Silpheed is a 1986 vertically scrolling shoot 'em up featuring 3D flat-shaded polygon graphics. Successive ports featured improved graphics but retained the same core gameplay. The Sega CD version in particular used pre-rendered FMV as backgrounds.

The story contains some differences between the home computer versions and the later Sega CD version, making many consider the Sega CD game a sequel rather than a re-release, though the gameplay and many boss encounters are largely the same.

In the home computer versions the primary antagonist is the named terrorist Xacalite, who has hijacked one Earth's finest battlecruisers, the Gloire, armed with planet buster weapons, and who over the course of the game actually blows up Earth.

The Sega CD version instead tells the story of the first encounter with an unknown alien species, which upon meeting humans decide to attack (and, like in the PC version, end up destroying) Earth. The Sega CD's version of the story is also the premise for the later games in the series, such as Silpheed: The Lost Planet for PS2 and Silpheed: Alternative AM for Android. The name of the player's ship is also different between the computer and console versions - it's name SA-08 Silpheed in the home computer version, and SA-77 Silpheed on the Sega CD.

On the technical side, both the home computer and console versions of the game were very advanced for their time - the home computer version was an early showcase for real time polygonal graphics, as well as the Roland MT-32 sound card. The game and it's music on a tape were often bundled with the sound card.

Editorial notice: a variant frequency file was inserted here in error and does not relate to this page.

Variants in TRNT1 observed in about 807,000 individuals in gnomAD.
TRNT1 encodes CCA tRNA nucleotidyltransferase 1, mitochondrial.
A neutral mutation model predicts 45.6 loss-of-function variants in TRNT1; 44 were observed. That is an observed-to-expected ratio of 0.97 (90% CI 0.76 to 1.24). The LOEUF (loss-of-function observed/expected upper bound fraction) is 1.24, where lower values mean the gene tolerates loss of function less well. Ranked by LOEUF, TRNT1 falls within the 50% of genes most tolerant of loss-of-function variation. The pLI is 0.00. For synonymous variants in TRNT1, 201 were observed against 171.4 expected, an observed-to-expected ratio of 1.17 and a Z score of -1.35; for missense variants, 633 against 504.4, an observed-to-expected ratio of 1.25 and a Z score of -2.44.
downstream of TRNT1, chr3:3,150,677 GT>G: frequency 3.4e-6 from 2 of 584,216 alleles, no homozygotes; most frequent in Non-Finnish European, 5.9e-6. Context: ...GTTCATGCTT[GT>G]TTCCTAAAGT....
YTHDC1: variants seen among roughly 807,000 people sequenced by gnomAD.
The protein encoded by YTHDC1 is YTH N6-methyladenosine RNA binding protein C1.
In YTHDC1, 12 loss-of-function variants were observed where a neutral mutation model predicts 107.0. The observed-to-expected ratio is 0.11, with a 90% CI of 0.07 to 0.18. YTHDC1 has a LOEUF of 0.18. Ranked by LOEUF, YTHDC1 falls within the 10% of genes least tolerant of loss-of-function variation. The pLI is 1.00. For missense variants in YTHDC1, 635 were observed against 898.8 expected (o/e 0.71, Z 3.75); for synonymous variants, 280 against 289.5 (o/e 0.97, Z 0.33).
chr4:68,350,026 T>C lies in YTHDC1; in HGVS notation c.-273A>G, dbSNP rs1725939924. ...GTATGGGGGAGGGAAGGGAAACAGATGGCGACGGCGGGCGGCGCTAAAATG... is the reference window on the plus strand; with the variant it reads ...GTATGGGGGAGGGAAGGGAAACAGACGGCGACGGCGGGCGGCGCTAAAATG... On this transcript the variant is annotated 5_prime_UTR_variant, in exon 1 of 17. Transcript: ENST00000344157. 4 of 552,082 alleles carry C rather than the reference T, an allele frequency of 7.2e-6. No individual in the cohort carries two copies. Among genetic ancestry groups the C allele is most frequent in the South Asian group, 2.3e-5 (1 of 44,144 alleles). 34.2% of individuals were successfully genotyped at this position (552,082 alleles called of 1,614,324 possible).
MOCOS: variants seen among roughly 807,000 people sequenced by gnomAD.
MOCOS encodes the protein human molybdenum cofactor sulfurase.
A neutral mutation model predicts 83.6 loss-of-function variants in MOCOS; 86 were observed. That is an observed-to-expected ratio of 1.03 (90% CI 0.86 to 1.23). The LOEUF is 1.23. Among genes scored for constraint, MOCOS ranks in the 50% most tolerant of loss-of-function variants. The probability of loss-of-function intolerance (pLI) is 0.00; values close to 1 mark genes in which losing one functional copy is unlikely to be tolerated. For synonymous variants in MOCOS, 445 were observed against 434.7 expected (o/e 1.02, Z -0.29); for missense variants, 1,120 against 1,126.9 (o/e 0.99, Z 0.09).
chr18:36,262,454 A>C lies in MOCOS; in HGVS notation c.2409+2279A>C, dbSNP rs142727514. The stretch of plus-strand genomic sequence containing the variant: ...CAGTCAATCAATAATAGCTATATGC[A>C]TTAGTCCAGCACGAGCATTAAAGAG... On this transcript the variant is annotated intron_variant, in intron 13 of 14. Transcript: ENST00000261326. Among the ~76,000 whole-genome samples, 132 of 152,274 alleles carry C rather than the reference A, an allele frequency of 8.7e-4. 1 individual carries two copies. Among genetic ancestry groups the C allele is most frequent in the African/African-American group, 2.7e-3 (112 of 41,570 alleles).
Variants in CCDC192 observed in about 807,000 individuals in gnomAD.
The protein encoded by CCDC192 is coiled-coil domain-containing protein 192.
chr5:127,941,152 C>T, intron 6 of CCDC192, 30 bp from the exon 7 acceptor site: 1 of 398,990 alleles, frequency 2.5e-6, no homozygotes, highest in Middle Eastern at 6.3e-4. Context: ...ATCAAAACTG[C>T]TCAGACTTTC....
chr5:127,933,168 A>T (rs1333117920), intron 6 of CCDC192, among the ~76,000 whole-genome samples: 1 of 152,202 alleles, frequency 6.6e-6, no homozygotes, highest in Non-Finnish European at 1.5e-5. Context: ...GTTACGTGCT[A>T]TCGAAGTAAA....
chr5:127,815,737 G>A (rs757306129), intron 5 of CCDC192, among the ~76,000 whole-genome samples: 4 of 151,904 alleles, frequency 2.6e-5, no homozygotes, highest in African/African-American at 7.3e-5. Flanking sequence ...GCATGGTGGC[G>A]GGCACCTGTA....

The Sega CD version does things slightly differently - the player's ship and the smaller enemies encountered in the game are still polygonal, but the detailed set-piece backgrounds are pre-rendered FMV, rendered in high resolutions, but low color and with a relatively low framerate in order for the console to be able to run it in full screen, the result is still a stunningly detailed, though stylized play field, where massive ships fight and blow up in the distance, and with a seamless transition between cutscenes and gameplay, with some relatively advanced camera movement that was unrivaled at the time of release, and for many years thereafter.

Critical Reception

Electronic Gaming Monthly gave the Sega CD version review scores of 9,7,7 and 7. Ed Semrad, who gave the highest score wrote, "...some of the most stunning visuals in a video game. The cinemas are unbelievable. The game itself is rather mundane. It is a simple shooter, that seems to lack real interaction with the amazing backgrounds. The fame play is solid, however, and there is absolutely no slowdown whatsoever. I only wish there could have been more interaction".